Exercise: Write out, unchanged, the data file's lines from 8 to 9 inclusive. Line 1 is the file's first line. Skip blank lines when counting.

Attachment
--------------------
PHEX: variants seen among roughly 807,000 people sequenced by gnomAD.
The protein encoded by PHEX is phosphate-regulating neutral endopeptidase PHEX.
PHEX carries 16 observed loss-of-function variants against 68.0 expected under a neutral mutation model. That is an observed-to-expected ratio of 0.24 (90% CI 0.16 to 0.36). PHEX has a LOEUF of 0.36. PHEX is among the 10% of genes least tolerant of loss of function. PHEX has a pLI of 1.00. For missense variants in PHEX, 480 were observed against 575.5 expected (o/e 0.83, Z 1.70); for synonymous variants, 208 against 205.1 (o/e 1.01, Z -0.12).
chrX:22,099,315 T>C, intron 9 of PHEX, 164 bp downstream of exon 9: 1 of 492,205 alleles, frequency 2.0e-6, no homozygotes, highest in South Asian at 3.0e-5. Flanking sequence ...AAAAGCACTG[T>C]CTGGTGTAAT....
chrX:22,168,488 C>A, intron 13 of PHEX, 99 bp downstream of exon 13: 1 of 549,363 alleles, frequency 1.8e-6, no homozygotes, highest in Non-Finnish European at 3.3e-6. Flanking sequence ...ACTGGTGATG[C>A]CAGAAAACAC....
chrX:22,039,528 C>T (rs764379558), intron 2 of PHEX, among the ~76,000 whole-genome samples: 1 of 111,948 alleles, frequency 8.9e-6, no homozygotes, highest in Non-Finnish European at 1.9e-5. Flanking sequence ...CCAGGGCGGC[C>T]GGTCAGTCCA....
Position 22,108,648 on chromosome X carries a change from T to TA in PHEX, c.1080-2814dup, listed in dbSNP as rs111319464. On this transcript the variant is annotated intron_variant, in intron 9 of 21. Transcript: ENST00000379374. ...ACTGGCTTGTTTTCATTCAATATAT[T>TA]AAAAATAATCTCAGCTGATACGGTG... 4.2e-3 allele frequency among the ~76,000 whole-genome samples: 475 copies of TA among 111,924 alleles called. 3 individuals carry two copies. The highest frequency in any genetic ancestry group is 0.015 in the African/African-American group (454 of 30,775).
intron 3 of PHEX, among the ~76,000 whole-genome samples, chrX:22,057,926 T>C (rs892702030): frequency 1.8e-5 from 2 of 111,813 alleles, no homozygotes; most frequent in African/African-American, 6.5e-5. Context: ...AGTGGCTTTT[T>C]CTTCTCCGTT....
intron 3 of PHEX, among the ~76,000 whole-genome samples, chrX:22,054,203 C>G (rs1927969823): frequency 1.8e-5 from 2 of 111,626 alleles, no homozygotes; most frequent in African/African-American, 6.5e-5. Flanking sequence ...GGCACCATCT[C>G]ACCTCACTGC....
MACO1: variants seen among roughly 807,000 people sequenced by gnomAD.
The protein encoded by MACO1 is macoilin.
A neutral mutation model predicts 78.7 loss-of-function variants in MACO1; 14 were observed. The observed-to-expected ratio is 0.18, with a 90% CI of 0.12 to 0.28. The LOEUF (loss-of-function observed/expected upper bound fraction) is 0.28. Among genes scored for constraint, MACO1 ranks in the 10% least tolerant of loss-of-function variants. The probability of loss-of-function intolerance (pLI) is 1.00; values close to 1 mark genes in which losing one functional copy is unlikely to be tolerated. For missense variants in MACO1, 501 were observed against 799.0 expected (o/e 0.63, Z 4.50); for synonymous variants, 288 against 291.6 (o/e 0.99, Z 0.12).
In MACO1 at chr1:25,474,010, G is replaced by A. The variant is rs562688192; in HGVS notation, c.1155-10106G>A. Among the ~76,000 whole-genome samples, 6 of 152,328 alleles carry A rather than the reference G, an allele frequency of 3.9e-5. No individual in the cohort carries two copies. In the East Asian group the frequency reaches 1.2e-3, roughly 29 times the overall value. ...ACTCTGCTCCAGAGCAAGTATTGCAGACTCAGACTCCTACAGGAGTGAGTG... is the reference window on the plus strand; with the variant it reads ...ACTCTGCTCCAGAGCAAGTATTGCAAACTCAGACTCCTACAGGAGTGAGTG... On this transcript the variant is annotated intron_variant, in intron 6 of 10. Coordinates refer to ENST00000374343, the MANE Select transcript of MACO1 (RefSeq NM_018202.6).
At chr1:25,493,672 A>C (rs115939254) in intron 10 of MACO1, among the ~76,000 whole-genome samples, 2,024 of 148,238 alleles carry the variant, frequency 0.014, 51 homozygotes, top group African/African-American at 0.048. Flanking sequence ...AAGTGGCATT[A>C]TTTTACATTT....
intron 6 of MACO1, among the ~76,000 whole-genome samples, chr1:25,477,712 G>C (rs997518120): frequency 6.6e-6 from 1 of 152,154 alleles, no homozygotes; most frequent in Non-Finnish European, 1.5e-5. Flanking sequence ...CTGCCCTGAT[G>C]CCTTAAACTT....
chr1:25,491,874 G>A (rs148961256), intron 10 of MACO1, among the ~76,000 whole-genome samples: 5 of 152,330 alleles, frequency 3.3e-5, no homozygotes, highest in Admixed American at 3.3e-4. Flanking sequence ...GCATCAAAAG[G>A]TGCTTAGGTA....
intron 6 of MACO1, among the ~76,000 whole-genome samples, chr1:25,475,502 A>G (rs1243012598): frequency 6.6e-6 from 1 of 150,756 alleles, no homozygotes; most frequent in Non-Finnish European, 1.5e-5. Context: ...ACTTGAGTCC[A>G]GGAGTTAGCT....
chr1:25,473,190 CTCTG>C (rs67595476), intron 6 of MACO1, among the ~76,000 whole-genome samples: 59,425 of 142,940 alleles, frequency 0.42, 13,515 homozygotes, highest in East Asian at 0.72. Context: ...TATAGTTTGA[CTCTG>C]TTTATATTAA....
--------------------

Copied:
intron 3 of PHEX, among the ~76,000 whole-genome samples, chrX:22,057,926 T>C (rs892702030): frequency 1.8e-5 from 2 of 111,813 alleles, no homozygotes; most frequent in African/African-American, 6.5e-5. Context: ...AGTGGCTTTT[T>C]CTTCTCCGTT....
intron 3 of PHEX, among the ~76,000 whole-genome samples, chrX:22,054,203 C>G (rs1927969823): frequency 1.8e-5 from 2 of 111,626 alleles, no homozygotes; most frequent in African/African-American, 6.5e-5. Flanking sequence ...GGCACCATCT[C>G]ACCTCACTGC....